Imagine that you and five friends are standing in a brightly lit
kitchen. Strawberries and bananas are piled in the sinks and in
pots on the stove; more fruit squelches under foot. You and each of
your compatriots hold a kitchen utensil — ladle, whisk,
wooden spoon, can opener, salad fork. Even though you can’t
figure out why you’re there, you know you’re supposed
to make noises with your “instrument,” and each of you
only gets one beat to work with until it’s someone
else’s turn. In the middle of this fantastic kitchen,
there’s a devilishly cute girl who sings along with this
homemade percussion with a voice like a Sanrio character. And
inexplicably, The Who’s “Pinball Wizard” is
blasting in the background.

Music Reviews

That’s what it’s like to hear noise-rock band
Deerhoof’s latest offering, Milk Man. After the sweet,
crisp sounds of Apple O’, the band focused its ideas
into a concept album. Inspired by Ken Kagami’s cute yet
creepy art — which graces the album’s cover and liner
notes — Deerhoof tells the story of the Milk Man, a masked
Pied Piper-like character who lures children to his dreamland
home.

Opener “Milk Man” kicks off with the title
character’s siren song. Raw, vibrant guitar riffs contrast
perfectly with bassist/vocalist Satomi Matsuzaki’s dreamy,
childlike delivery. “Boys and girls, be mine / I’ll
take you to my dreamland,” sings Satomi — as the Milk
Man — against sunny, infectious rock instrumentals. Doubled
vocals counter the Milk Man’s call: “Boo, boo, the Milk
Man / Hide, hide, he’s masked man.”

But it’s no use: The children have fallen under the Milk
Man’s spell. The crashing, diabolical keyboard/guitar hook on
“Gija Dance” heralds parents’ panic as they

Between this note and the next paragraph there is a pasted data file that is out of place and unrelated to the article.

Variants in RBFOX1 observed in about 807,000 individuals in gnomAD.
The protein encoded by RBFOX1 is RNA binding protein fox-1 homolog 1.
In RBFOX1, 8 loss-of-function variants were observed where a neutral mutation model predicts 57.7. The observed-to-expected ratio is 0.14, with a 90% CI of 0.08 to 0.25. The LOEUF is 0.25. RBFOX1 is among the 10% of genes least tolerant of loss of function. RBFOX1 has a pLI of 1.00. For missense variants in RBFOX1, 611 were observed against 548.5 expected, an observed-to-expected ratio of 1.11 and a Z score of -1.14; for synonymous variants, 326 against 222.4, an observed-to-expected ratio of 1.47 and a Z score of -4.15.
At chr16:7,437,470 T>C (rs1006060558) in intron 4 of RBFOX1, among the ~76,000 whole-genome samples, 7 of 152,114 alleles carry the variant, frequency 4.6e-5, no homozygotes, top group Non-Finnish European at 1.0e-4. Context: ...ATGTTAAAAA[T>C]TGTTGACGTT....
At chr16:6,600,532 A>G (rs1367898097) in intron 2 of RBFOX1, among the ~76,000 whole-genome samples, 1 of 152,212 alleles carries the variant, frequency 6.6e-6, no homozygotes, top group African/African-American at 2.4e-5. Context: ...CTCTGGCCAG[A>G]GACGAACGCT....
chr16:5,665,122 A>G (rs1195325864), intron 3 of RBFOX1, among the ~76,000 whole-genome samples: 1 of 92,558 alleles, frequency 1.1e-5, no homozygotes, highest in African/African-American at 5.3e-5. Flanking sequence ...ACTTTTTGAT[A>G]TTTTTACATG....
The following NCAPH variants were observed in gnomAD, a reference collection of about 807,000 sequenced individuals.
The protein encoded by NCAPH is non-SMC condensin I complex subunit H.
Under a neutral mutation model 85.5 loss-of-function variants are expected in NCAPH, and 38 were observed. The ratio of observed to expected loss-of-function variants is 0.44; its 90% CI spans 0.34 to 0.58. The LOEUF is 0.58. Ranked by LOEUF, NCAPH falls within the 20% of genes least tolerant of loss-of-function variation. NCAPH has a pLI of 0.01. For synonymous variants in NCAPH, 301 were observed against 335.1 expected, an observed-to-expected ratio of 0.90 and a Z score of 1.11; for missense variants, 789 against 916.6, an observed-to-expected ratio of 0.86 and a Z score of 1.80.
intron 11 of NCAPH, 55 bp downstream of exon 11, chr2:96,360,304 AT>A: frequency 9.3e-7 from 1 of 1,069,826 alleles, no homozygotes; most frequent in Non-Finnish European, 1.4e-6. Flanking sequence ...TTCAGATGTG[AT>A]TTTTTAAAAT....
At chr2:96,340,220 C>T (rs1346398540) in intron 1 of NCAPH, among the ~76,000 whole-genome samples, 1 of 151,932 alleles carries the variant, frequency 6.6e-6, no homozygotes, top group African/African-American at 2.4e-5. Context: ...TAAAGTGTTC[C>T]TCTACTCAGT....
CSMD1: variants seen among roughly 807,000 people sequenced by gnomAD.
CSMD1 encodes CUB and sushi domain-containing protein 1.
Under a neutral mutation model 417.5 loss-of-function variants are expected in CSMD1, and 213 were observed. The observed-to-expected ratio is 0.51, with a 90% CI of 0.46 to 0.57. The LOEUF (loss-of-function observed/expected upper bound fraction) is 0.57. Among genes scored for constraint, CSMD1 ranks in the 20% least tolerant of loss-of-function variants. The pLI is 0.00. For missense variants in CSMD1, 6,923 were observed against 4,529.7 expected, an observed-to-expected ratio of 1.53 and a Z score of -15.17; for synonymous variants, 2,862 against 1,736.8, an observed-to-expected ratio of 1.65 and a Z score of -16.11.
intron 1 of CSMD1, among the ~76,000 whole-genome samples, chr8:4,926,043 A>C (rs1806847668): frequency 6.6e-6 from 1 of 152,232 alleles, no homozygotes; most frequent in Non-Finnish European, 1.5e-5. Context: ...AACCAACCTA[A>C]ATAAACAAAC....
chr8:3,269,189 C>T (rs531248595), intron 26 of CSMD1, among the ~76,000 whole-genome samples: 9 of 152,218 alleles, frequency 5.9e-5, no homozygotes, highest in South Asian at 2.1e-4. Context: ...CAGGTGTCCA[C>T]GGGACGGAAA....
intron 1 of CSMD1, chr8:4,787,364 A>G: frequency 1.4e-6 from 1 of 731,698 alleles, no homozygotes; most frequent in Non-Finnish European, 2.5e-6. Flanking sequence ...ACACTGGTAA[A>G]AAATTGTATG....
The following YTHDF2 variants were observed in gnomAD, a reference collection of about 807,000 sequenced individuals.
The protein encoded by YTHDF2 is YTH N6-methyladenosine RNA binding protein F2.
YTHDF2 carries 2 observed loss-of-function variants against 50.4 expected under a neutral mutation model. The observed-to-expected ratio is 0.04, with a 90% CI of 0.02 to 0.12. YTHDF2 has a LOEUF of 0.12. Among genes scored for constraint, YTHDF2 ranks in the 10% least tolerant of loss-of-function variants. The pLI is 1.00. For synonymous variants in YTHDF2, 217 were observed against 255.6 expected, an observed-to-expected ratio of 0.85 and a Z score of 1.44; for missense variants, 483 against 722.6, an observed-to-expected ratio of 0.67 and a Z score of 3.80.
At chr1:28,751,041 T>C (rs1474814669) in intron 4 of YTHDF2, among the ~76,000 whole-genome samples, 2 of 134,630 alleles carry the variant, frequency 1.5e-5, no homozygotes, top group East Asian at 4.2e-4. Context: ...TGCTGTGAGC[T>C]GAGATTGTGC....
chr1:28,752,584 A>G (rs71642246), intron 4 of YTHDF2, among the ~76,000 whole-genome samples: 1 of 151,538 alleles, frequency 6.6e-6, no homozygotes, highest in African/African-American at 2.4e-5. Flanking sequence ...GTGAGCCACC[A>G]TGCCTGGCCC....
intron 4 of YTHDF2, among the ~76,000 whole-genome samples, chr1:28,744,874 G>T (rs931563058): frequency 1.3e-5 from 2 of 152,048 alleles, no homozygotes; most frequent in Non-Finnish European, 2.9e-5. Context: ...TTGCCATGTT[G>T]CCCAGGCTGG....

discover that their children have been lured away to a castle in
the clouds. The spell is soon broken, however, and Satomi calls
through the dense chorus singing as one of the enchanted children:
“Home is better than it seems.”

On tracks like “C” and “Milking,” the
band explores the sonic capabilities of their mostly conventional
formula (guitars, bass, drums, synths), wringing even the most
improbable sounds out of their instruments. But Milk
Man’s
textures are intricate, never too heavily layered.
Deerhoof always leaves room for ornamentation by a well-placed
burst of static or tickled synthesizer.

Milk Man sounds more accessible and more conventional
than Apple O’; listeners can accept and digest the
album’s unconventional combinations of sounds and ideas
easily. Why shouldn’t a band that communicates moods of
hypnosis, joy, loss and paranoia take its listeners on a little
Pied Piper journey of their own?

Such contrasting elements can’t be paired together well
without care and consideration, and that’s where Milk
Man’s
seductive power lies. Deerhoof enchants without
pretension, never letting us hear the calculations behind their
craft. They’ve synthesized a kind of harmony out of sonic
scrap paper, fairy-tale books and motor-scooter engines. Succumb to
Deerhoof’s seductive songs: Let Milk Man lead you
through the clouds to a land of strawberry fields and banana
trees.

Rating: 4 out of 5 stars

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